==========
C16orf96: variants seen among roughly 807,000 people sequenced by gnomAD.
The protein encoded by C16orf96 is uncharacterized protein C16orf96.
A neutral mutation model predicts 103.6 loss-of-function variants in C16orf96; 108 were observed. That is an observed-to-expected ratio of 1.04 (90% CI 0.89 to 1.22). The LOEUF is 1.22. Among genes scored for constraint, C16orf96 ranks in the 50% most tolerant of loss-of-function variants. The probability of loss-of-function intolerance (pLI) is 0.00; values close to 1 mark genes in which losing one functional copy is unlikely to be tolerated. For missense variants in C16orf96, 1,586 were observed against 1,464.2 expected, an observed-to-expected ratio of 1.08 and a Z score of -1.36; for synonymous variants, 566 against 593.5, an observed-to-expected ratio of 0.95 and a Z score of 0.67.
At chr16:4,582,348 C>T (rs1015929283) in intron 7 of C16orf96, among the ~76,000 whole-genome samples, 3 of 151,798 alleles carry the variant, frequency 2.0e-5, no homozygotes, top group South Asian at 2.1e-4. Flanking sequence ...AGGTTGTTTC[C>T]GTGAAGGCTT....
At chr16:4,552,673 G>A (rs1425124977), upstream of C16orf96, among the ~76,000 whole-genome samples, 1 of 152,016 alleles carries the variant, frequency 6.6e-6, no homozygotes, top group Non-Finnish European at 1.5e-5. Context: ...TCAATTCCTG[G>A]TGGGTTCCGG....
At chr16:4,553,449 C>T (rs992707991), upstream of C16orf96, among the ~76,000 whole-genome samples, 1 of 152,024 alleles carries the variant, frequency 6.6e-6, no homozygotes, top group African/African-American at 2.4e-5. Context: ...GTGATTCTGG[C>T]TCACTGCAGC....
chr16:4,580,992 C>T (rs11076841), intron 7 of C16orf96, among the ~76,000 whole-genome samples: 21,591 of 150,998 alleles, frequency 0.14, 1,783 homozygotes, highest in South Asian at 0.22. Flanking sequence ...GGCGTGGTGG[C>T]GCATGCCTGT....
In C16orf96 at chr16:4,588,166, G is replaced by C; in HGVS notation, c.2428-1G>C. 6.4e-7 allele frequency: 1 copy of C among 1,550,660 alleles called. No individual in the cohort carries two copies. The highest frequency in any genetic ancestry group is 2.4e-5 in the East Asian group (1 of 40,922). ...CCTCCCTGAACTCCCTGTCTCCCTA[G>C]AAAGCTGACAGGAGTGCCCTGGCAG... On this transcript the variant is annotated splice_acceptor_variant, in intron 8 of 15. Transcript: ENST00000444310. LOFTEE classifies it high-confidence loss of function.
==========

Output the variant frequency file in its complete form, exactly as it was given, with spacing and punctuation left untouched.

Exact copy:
C16orf96: variants seen among roughly 807,000 people sequenced by gnomAD.
The protein encoded by C16orf96 is uncharacterized protein C16orf96.
A neutral mutation model predicts 103.6 loss-of-function variants in C16orf96; 108 were observed. That is an observed-to-expected ratio of 1.04 (90% CI 0.89 to 1.22). The LOEUF is 1.22. Among genes scored for constraint, C16orf96 ranks in the 50% most tolerant of loss-of-function variants. The probability of loss-of-function intolerance (pLI) is 0.00; values close to 1 mark genes in which losing one functional copy is unlikely to be tolerated. For missense variants in C16orf96, 1,586 were observed against 1,464.2 expected, an observed-to-expected ratio of 1.08 and a Z score of -1.36; for synonymous variants, 566 against 593.5, an observed-to-expected ratio of 0.95 and a Z score of 0.67.
At chr16:4,582,348 C>T (rs1015929283) in intron 7 of C16orf96, among the ~76,000 whole-genome samples, 3 of 151,798 alleles carry the variant, frequency 2.0e-5, no homozygotes, top group South Asian at 2.1e-4. Flanking sequence ...AGGTTGTTTC[C>T]GTGAAGGCTT....
At chr16:4,552,673 G>A (rs1425124977), upstream of C16orf96, among the ~76,000 whole-genome samples, 1 of 152,016 alleles carries the variant, frequency 6.6e-6, no homozygotes, top group Non-Finnish European at 1.5e-5. Context: ...TCAATTCCTG[G>A]TGGGTTCCGG....
At chr16:4,553,449 C>T (rs992707991), upstream of C16orf96, among the ~76,000 whole-genome samples, 1 of 152,024 alleles carries the variant, frequency 6.6e-6, no homozygotes, top group African/African-American at 2.4e-5. Context: ...GTGATTCTGG[C>T]TCACTGCAGC....
chr16:4,580,992 C>T (rs11076841), intron 7 of C16orf96, among the ~76,000 whole-genome samples: 21,591 of 150,998 alleles, frequency 0.14, 1,783 homozygotes, highest in South Asian at 0.22. Flanking sequence ...GGCGTGGTGG[C>T]GCATGCCTGT....
In C16orf96 at chr16:4,588,166, G is replaced by C; in HGVS notation, c.2428-1G>C. 6.4e-7 allele frequency: 1 copy of C among 1,550,660 alleles called. No individual in the cohort carries two copies. The highest frequency in any genetic ancestry group is 2.4e-5 in the East Asian group (1 of 40,922). ...CCTCCCTGAACTCCCTGTCTCCCTA[G>C]AAAGCTGACAGGAGTGCCCTGGCAG... On this transcript the variant is annotated splice_acceptor_variant, in intron 8 of 15. Transcript: ENST00000444310. LOFTEE classifies it high-confidence loss of function.